Information from the community remains one of the most important tools officers use when cracking cases. Community policing, in the form of observations and tips, often offers the best set of eyes and ears a department has. That’s why the Asheville Police Department has many ways to make it easy and confidential to relay information to them. Text-a-Tip is the latest in a selection of opportunities for the community to report criminal activity and interact with the Asheville Police Department. The software, which enables tips through smart phones, already rivals the APD’s other tip lines in terms of volume. Since Text-a-Tip launched in July, the department has received 58 tips over the system, says APD Sgt. Michael Lamb, and the information has resulted in several arrests and drug seizures. “It’s a way to give us information in almost real time and at the same time remain completely anonymous.” Lamb says. “We need the eyes and ears out in the community. They know about things before we ever could.” The system allows people to text information to the APD through a third party provider, meaning the source of the tip remains anonymous. By texting and responding, the tipster and the officer can communicate back and forth. “This is technology that is comfortable and easy to use, especially for young people who are used to texting,” Lamb says. To use Tex-a-Tip, text “APDTIP” plus your message to 274637 (CRIMES) on your cell phone or mobile device (Note: standard rates may apply). A third party routes the message to an APD Criminal Investigations Supervisor who assigns it to the on-duty patrol commander. “We’re all set up for it,” Lamb says. “It goes straight to our smart phones.” Officers never see the phone number or identity of the person relaying information, and the tipster can end the conversation by texting “STOP.” Text-a-Tip is especially helpful when used alongside the mapping technology found atcrimereports.com that lets a viewer track calls for service around town and in their neighborhood. They can click on an icon and a window displays the type of crime under investigation. If the person has any information, he or she can report specifically about the incident through Text-a-Tip or on a personal computer through the WebTips link.   http://coablog.ashevillenc.gov/2012/11/texting-tech-helps-apd-get-community-crime-tips/ Read more "Asheville Police Text a Tip"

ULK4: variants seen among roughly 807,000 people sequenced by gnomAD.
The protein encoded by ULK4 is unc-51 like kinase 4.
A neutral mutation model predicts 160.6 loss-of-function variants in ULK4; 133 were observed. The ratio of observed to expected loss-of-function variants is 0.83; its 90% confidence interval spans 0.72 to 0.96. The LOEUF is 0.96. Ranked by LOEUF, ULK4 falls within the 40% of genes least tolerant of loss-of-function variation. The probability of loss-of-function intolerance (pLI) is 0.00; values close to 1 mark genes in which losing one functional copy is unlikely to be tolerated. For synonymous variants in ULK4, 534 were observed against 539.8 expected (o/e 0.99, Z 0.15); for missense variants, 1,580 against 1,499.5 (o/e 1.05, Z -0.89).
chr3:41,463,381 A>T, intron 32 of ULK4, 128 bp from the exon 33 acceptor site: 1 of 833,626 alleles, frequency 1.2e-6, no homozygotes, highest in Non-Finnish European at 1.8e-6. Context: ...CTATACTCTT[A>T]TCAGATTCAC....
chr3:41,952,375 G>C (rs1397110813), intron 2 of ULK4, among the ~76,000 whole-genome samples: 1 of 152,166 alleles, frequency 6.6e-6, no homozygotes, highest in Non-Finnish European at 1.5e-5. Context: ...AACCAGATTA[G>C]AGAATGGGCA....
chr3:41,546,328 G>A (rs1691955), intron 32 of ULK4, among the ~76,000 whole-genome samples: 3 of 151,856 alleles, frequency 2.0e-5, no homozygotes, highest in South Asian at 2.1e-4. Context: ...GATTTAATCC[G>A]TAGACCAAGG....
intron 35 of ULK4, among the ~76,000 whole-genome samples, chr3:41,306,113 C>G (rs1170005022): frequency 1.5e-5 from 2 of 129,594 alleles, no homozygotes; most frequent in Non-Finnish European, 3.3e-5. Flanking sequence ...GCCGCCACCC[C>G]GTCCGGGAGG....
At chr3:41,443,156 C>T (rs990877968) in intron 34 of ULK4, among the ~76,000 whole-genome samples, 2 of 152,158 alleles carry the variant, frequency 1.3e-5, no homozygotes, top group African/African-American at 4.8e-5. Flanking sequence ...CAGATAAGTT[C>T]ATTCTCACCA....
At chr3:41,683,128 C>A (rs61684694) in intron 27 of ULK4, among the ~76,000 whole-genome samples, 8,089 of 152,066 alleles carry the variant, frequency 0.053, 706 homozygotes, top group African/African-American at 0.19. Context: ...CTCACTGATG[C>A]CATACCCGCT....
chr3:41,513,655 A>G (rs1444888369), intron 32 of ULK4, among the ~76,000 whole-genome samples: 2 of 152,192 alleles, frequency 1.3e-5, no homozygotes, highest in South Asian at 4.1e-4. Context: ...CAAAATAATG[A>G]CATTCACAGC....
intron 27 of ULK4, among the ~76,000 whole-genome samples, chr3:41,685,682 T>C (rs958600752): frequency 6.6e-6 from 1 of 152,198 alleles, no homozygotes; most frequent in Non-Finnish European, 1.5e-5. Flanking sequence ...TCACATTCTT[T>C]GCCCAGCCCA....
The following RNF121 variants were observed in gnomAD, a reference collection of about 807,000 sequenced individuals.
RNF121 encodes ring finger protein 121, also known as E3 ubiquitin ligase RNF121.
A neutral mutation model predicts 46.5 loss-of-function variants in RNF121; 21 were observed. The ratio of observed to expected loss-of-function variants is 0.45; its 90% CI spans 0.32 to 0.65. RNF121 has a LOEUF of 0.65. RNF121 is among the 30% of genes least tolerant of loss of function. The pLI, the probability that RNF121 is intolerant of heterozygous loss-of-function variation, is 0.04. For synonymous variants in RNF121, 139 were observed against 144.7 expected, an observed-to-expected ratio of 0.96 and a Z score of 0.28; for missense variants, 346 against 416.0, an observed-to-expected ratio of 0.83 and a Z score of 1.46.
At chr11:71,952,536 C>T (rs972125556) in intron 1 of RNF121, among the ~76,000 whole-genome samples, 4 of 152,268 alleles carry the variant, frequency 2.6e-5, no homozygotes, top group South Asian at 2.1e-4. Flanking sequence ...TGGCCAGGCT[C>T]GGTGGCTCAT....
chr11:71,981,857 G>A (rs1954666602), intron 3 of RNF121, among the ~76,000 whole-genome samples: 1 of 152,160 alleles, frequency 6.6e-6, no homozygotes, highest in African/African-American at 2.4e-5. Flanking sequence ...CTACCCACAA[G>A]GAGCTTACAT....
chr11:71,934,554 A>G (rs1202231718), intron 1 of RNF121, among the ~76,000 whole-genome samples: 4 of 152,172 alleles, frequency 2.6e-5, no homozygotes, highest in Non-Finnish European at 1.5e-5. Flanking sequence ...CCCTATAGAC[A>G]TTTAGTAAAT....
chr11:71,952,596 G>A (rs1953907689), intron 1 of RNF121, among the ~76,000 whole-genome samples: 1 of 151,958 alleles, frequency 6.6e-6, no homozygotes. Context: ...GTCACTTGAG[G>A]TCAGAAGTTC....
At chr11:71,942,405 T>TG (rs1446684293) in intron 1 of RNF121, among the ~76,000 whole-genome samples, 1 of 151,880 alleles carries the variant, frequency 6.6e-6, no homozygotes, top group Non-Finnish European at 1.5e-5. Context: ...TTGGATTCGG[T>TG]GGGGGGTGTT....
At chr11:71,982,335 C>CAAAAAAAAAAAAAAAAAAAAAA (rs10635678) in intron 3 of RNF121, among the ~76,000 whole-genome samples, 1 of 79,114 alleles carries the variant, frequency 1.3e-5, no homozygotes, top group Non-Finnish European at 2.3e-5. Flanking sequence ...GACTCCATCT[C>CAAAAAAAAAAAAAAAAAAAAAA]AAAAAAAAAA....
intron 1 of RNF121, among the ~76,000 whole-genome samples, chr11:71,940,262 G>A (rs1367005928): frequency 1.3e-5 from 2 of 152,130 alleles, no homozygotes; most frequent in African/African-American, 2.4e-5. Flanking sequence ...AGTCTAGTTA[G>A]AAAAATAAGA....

Supreme Court rules Indoor Grow Marijuana search warrant invalid based on anonymous tip